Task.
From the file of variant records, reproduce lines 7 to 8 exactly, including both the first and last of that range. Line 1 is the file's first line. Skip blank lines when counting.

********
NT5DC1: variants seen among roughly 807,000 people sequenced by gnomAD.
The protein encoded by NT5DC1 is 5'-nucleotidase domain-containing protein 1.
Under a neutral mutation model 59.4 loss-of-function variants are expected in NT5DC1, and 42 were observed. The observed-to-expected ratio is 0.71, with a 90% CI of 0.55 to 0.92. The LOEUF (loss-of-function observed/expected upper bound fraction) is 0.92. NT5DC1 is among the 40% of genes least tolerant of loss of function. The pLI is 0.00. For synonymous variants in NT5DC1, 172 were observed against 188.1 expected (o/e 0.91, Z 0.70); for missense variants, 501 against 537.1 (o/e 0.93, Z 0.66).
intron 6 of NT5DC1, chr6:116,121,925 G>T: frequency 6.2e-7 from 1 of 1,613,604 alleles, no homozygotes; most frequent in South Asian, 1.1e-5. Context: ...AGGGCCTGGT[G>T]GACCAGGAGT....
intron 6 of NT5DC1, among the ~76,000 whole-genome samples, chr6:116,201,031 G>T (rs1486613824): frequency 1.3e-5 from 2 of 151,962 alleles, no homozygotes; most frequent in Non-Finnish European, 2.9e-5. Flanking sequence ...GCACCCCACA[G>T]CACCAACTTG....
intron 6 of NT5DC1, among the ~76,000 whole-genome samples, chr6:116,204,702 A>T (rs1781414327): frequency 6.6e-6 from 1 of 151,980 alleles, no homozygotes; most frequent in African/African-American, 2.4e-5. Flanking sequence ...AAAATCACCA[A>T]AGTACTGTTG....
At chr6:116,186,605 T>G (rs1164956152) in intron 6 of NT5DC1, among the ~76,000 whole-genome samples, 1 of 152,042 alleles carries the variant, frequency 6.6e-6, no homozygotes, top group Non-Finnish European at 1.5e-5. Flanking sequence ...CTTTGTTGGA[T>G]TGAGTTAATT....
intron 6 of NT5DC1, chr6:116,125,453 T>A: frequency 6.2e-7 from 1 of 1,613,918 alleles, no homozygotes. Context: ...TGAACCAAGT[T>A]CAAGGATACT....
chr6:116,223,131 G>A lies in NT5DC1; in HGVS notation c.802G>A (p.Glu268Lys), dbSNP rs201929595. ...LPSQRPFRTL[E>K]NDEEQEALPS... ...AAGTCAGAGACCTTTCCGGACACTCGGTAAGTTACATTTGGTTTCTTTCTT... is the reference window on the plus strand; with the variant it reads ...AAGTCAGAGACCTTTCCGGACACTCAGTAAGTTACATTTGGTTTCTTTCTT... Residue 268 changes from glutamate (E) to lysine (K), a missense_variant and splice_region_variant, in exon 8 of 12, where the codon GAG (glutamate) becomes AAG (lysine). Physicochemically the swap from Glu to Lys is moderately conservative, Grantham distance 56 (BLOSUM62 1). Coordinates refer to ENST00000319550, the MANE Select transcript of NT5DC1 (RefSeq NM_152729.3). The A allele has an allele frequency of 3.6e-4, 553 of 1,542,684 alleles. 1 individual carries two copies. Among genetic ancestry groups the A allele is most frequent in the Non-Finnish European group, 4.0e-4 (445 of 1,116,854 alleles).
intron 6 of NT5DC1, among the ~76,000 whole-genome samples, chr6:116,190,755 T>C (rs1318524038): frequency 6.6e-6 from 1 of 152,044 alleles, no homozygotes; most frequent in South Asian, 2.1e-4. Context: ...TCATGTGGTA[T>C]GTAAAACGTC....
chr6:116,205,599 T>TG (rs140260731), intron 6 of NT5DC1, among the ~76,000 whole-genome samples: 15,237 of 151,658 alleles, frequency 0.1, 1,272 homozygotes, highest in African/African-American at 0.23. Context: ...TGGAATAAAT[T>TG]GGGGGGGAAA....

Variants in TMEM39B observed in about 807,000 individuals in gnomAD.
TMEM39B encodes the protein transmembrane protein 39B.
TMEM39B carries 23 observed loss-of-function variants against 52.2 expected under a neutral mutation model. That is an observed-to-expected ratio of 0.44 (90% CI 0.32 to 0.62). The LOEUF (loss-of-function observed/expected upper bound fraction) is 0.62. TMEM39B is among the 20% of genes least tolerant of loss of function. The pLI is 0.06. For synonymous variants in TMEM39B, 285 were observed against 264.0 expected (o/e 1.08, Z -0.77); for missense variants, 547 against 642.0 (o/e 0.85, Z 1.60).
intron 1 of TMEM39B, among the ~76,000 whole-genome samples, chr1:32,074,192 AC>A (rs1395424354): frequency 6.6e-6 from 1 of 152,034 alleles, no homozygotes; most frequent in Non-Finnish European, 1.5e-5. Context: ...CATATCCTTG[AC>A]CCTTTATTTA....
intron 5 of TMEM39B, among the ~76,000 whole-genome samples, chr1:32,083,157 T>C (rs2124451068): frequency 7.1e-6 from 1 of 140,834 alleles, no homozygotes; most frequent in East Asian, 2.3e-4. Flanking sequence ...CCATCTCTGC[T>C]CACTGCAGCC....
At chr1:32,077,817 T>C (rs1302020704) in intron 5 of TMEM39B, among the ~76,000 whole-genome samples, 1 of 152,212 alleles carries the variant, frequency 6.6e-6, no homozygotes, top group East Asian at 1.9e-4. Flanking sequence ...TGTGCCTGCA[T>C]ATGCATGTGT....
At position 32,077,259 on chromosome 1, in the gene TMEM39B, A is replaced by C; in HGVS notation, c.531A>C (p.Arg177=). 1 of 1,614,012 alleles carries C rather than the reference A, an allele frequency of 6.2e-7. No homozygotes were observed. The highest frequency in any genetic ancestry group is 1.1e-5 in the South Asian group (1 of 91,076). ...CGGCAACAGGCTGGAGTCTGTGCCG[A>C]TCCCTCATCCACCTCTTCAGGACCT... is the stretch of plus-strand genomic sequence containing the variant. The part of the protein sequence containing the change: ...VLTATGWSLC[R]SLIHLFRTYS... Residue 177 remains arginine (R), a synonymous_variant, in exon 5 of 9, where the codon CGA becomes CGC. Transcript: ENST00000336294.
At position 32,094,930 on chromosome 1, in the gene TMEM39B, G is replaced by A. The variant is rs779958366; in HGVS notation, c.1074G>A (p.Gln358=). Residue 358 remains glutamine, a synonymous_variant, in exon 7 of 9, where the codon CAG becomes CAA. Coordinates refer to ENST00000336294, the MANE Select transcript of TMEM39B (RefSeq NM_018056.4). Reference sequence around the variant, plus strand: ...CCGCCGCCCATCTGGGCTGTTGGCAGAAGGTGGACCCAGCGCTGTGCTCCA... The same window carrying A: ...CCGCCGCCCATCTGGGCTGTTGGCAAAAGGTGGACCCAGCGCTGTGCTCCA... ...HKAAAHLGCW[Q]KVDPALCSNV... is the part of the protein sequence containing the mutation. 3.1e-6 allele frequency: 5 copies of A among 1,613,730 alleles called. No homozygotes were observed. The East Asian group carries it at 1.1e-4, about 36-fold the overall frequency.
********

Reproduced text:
At chr6:116,186,605 T>G (rs1164956152) in intron 6 of NT5DC1, among the ~76,000 whole-genome samples, 1 of 152,042 alleles carries the variant, frequency 6.6e-6, no homozygotes, top group Non-Finnish European at 1.5e-5. Flanking sequence ...CTTTGTTGGA[T>G]TGAGTTAATT....
intron 6 of NT5DC1, chr6:116,125,453 T>A: frequency 6.2e-7 from 1 of 1,613,918 alleles, no homozygotes. Context: ...TGAACCAAGT[T>A]CAAGGATACT....